Suzen and I listen to satellite radio in our car. Channels 4 through 9 are for songs from the 1940′s through the 1990′s. We are considering canceling our subscription because of the sloppy work on the service. They keep playing songs that are almost brand new, and then they have the gall to claim the song is from the 60′s or 70′s. It’s so frustrating. And I must say that when it comes to those songs from the 90s, well, I never heard any of them. It’s a totally made up channel.
This Rip Van Winkle thing is getting out of hand. It is now 25 years since Rose Levy Beranbaum published The Cake Bible. And Suzen and I have not yet worked our way through every recipe. The Cake Bible deservingly won awards and fame for Rose.
Now, it’s already four more years since Rose published Rose’s Heavenly Cakes, which won the IACP dessert cookbook award when first published. What’s the difference between the two books? Well, what is the difference between a house, a very good house, and a mansion?
Each of the recipes in Heavenly Cakes is a dessert mansion, a masterpiece. There are some recipes here you can easily knock off in a fairly short time but there are many recipes that go on for five pages or more. Those longer recipes often require you work in stages, with separate recipes for a cake, a filling, a frosting, a syrup. So, in fact, some of the “mini-recipes” there are wonderful to be used on their own.
For example, Rose has an English Gingerbread Cake, made in part with orange marmalade, which she describes as being truly authentically British and hence different from the many American versions. That cake is to be served with a lemon butter syrup which is quite lovely and quite versatile.
This syrup can be used with that gingerbread cake — yes, that recipe will appear here soon — but it can be used in many other circumstances: dribbled over pound or white cake, served atop ice cream, or — I suspect — thickened with some confectioners’ sugar and used to garnish cookies or cakes.
In short, this is a multi-use recipe.
I’ve gone through Heavenly Cakes page by page, amazed and the wonderful detail and careful articulation of each recipe. A Rose recipe is done in what is described as signature style with tables and heading aplenty to guide you on journey to dessert perfection
To do some of these cakes will take time. But a Rose recipe is one you can always trust. Many of the cakes in the book are accompanied by photographs by Ben Fink, an artist with light. Suzen and I met Ben at a signing for this book, and I asked him what it was like to photo shoot this book.
“Well, we did it all in one go,” he said. “Four or five days. One cake at a time.”
“Must have been hard,” I said.
“Oh, yes,” he said. His voice was stern but the seriousness was totally belied by the grin on his face. He did photograph, but he had a camera in one hand and a fork in the other.
Try Rose’s Heavenly Cakes, which will also be around for 25 years, and you’ll smile too.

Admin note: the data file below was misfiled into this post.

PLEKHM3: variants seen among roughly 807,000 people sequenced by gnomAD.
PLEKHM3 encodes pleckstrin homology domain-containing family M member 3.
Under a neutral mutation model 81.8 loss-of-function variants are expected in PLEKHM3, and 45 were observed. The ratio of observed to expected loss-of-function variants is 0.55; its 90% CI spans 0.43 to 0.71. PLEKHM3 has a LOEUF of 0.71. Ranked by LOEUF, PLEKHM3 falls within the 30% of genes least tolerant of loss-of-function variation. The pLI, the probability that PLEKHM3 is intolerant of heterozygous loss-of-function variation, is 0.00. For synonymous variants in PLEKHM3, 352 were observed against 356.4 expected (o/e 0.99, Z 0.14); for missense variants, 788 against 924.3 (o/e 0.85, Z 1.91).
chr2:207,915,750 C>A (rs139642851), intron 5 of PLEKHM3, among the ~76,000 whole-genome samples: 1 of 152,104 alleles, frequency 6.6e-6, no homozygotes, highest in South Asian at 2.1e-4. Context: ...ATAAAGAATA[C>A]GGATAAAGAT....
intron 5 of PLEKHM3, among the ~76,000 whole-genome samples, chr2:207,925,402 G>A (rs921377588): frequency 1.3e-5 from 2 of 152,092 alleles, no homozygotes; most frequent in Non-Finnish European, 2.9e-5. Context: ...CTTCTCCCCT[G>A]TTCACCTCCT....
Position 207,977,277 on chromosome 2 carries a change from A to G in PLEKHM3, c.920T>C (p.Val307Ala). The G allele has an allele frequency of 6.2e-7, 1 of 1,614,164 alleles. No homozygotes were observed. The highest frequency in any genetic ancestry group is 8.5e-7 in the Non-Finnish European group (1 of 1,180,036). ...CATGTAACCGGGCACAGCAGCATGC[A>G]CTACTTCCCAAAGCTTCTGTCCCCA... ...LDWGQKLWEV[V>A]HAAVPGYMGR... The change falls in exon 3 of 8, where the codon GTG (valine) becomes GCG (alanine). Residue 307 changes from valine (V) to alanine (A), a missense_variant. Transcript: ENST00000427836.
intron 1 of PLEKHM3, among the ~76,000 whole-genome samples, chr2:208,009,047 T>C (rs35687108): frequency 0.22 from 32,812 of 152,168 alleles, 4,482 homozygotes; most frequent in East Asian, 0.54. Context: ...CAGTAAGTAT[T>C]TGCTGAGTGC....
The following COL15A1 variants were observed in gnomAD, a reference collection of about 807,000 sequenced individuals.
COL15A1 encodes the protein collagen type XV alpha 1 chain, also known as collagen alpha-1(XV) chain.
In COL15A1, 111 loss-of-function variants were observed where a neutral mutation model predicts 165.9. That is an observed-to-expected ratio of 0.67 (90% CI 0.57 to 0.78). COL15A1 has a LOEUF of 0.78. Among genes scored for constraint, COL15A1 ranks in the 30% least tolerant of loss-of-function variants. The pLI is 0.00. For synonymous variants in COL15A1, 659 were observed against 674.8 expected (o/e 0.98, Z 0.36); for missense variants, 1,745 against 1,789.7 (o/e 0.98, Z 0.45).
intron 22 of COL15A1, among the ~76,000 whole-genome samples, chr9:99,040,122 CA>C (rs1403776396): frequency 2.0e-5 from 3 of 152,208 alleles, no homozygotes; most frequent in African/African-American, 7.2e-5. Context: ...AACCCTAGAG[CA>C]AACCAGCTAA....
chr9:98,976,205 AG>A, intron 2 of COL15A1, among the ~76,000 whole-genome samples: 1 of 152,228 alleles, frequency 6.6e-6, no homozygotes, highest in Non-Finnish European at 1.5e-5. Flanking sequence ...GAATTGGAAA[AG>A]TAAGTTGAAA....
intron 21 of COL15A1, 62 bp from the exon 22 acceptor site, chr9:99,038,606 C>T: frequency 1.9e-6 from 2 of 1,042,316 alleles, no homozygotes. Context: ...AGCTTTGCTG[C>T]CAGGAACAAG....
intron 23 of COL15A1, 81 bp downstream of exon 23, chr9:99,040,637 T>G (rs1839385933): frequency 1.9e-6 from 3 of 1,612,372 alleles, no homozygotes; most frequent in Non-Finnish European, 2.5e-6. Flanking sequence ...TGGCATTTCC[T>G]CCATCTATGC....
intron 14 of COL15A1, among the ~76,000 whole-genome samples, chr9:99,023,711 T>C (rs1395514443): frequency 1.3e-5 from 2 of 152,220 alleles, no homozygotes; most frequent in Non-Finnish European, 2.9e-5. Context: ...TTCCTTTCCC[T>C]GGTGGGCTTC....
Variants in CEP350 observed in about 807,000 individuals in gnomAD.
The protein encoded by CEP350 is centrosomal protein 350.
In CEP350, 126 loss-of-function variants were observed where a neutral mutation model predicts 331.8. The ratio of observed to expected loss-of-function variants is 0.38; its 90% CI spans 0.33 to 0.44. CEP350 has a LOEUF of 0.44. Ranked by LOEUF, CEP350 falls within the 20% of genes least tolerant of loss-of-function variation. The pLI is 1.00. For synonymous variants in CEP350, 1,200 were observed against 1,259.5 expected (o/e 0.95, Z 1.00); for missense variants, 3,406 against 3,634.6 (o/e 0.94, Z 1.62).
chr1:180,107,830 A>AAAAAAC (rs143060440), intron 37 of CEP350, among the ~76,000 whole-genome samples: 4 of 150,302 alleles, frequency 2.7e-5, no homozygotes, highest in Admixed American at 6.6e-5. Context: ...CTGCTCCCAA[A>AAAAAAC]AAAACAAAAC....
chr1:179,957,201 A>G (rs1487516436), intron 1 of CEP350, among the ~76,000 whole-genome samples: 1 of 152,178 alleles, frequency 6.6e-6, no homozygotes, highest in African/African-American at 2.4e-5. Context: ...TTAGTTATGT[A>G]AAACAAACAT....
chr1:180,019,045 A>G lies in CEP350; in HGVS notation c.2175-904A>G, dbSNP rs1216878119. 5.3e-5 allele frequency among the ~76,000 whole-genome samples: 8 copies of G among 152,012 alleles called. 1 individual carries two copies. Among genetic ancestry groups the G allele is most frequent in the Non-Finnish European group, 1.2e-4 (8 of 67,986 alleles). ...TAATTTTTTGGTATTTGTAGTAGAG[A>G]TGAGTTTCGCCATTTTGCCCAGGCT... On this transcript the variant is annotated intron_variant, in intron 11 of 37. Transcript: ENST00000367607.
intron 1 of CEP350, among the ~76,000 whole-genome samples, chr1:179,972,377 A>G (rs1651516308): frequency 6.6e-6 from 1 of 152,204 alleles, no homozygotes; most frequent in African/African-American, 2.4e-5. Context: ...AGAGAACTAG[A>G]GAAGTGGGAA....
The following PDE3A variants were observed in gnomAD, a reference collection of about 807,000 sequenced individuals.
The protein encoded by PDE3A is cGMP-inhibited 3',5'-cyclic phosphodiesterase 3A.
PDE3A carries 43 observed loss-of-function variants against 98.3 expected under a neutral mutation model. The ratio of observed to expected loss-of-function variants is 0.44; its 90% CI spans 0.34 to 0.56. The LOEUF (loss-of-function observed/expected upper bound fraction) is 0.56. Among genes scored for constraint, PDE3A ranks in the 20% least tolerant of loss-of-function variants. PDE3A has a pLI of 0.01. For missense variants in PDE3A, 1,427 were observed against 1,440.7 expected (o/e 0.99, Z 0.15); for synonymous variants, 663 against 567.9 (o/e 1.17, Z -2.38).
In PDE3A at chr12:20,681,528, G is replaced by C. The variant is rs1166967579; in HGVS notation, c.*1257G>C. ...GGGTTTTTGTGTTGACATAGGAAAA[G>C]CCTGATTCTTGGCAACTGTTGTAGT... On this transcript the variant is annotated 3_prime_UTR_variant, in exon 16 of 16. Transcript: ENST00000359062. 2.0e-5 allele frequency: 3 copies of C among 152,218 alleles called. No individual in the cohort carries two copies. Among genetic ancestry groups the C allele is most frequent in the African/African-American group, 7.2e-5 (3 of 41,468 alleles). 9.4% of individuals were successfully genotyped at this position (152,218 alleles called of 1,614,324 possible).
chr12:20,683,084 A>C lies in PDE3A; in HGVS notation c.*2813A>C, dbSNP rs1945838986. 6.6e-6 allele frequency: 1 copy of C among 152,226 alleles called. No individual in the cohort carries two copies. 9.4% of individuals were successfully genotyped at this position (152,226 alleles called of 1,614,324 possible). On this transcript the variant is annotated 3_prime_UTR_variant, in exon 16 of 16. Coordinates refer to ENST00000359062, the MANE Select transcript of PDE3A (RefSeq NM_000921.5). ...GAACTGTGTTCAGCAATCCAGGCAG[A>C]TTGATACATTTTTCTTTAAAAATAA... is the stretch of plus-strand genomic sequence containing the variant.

Lemon Butter Syrup
Yield: ½ cup
- 3 tablespoons sugar
- 2 tablespoons freshly squeezed lemon juice
- 2 tablespoons of unsalted butter at low room temperature [65° to 75°F]
In a small pan, stir together the sugar, lemon juice and butter. Heat over medium-low heat, stirring, until the butter is melted and the sugar is dissolved.
Source: Rose’s Heavenly Cakes by Rose Levy Beranbaum
Last weekend Suzen and I had an official “urban weekend.” Rather than go upstate, we decided to enjoy the city.
Saturday was a bike ride up the West Side from Tribeca to the George Washington Bridge. Well, we did stop at 97th Street with a flat. You should know that on 96th Street, just uphill east of Broadway by two doors, there is a lovely bike shop, who will patch or replace, install, lube and get you on your way again.
Sunday, we saw the Monet’s Garden exhibit at the New York Botanical Garden in the Bronx. There are few months left to see this homage to water lilies.
And we finished the weekend with our first visit to Astoria, Queens, famous for its United Nations array of restaurants from around the world. Astoria is famous for Greek food and we had a lovely meal [restaurant to be blogged soon!]. Being Irish, my favorite dish was potatoes, but not Irish style. We had Greek lemony potatoes, rich in lemon and oregano flavor. [I’m told oregano is Greek for “joy of the mountain.”].
I searched the web and found this version of a recipe for this fine side fare for your table. Here we have the potatoes, lemon juice, oregano, and a healthy amount of lamb stock.
This recipe scales easily. If you are having a holiday weekend feast this Labor Day, then the perfect accompaniment for that roasted chicken or sausage is this zesty potato dish.
Greek Lemon Potatoes
Yield: serves 6
- 3 pounds Yukon gold potatoes or 3 pounds other waxy potatoes, peeled
- ½ cup fresh squeezed lemon juice
- ⅓ cup olive oil
- 2 garlic cloves, minced
- 1 teaspoon dried oregano
- ½ teaspoon sea salt
- ¼ teaspoon fresh ground black pepper
- 1 (14 ½ ounce) can chicken broth or 2 cups lamb stock
Peel potatoes and cut them in half (from medium size potatoes, quarter if large). Let them stand in water while preparing sauce.
Combine all other ingredients in a gallon size “zipper” bag, and shake to combine.
Dry off the potatoes, and put all of them in the bag and let marinate for 2 hours.
Preheat oven to 400°F.
Put the potatoes and marinade in a large casserole, preferably a white Pyrex, approximately 13 x 9 x 3 inches oval.
Roast for 1hr 10min, turning occasionally. You’ll want to check for doneness starting at about 50 minutes.
There should be plenty of sauce left over after roasting.
Optionally, you can put these under the broiler for 5 minutes to crisp them up just before serving.
Garnish with sauce and parsley.
Source: Anthony Gougoutris at food.com; photo by Lorac